Next, start tagging your items by placing your item description (especially the size) and price on the index card. When completing the item description on your tag, be thorough. Yes, it takes longer to write the brand name and color but it keeps shoppers from swapping your tag with a less expensive item.
Choosing a Price
Be reasonable with your pricing. I often ask myself, “Would I pay this much for this item?”
The best starting place for a price is 20% to 25% of what you paid. If the item is a name brand or in perfect condition, you might be able to ask for 30% to 35% but be aware that consignment shoppers are price-savvy people and they will not pay more for a used item than they would at a really great clearance sale.
If you are tempted to charge more, check Ebay to see the average bid on similar items.
Another tip about pricing, write the price on the tag before placing the tag on the item to avoid accidentally marking your item or struggling with a permanent marker bleeding through the tag onto your clothing.
Other tips for consignors
- Put items with multiple pieces in a plastic freezer bag to keep the pieces together. Also, mark each individual item by placing your identification number on masking tape.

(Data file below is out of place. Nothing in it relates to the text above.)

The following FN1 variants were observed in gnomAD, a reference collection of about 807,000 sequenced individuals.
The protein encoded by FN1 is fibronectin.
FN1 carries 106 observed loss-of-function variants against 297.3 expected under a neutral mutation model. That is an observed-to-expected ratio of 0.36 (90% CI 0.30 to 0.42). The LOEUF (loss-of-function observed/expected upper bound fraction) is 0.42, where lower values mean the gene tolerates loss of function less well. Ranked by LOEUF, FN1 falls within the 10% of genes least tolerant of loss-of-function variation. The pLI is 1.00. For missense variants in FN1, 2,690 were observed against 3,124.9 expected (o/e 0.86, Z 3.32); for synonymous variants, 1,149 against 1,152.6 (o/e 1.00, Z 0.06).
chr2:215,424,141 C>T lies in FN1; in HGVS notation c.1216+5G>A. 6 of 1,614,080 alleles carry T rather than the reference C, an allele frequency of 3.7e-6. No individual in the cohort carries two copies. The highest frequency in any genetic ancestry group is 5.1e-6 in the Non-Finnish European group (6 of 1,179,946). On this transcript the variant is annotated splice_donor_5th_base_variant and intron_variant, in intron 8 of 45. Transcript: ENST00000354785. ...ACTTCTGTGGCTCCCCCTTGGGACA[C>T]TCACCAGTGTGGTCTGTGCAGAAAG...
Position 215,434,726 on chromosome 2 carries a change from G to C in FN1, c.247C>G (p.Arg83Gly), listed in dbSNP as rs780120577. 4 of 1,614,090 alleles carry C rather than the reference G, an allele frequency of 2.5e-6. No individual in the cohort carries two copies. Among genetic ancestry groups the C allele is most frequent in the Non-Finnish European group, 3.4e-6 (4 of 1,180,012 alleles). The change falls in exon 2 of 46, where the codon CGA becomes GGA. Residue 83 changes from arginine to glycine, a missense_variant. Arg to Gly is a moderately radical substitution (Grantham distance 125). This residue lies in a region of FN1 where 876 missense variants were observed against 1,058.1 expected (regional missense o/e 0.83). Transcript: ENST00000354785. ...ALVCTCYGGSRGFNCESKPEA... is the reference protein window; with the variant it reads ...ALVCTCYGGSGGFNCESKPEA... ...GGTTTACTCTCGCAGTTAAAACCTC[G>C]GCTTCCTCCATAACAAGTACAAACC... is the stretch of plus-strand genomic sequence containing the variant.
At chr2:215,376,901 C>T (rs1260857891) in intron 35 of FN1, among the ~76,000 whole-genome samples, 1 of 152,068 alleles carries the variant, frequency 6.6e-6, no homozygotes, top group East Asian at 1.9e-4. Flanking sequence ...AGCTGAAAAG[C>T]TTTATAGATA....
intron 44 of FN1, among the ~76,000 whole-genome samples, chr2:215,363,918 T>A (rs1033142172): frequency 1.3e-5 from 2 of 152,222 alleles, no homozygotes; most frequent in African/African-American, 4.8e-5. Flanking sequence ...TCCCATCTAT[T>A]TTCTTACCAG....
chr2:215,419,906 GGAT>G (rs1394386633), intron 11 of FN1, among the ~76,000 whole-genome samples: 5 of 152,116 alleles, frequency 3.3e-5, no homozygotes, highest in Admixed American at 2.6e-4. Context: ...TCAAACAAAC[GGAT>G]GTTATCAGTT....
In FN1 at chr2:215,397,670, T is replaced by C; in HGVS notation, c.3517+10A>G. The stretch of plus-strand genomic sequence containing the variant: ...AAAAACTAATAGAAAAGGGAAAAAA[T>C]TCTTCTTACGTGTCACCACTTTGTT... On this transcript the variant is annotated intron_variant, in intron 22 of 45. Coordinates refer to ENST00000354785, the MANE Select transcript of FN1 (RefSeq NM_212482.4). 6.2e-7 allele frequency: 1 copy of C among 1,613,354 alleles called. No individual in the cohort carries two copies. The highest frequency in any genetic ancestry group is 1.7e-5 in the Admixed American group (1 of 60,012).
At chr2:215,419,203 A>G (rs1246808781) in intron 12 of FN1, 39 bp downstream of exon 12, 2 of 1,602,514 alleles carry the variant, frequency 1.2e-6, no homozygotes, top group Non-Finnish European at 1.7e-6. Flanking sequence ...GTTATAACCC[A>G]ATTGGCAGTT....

- Attach pants, shorts, and skirts to hangers using strong safety pins. Clothes get flipped through a lot during the sale and some people tug on the bottom of items inside of pushing on the hanger.
- Button, zip and snap as needed to make your items hang nicely and appear neater.
- Charge electronics or replace the batteries and remember to include any chargers or adapters to increase the value.
Have consignor tips for consignment sales?
Share your best tip/s for consigning in the comments. And, make sure to share this article with your other consignment-loving friends.
Free Diligence Lesson
Subscribe and receive my free diligence lesson plan with printable wall pages by email.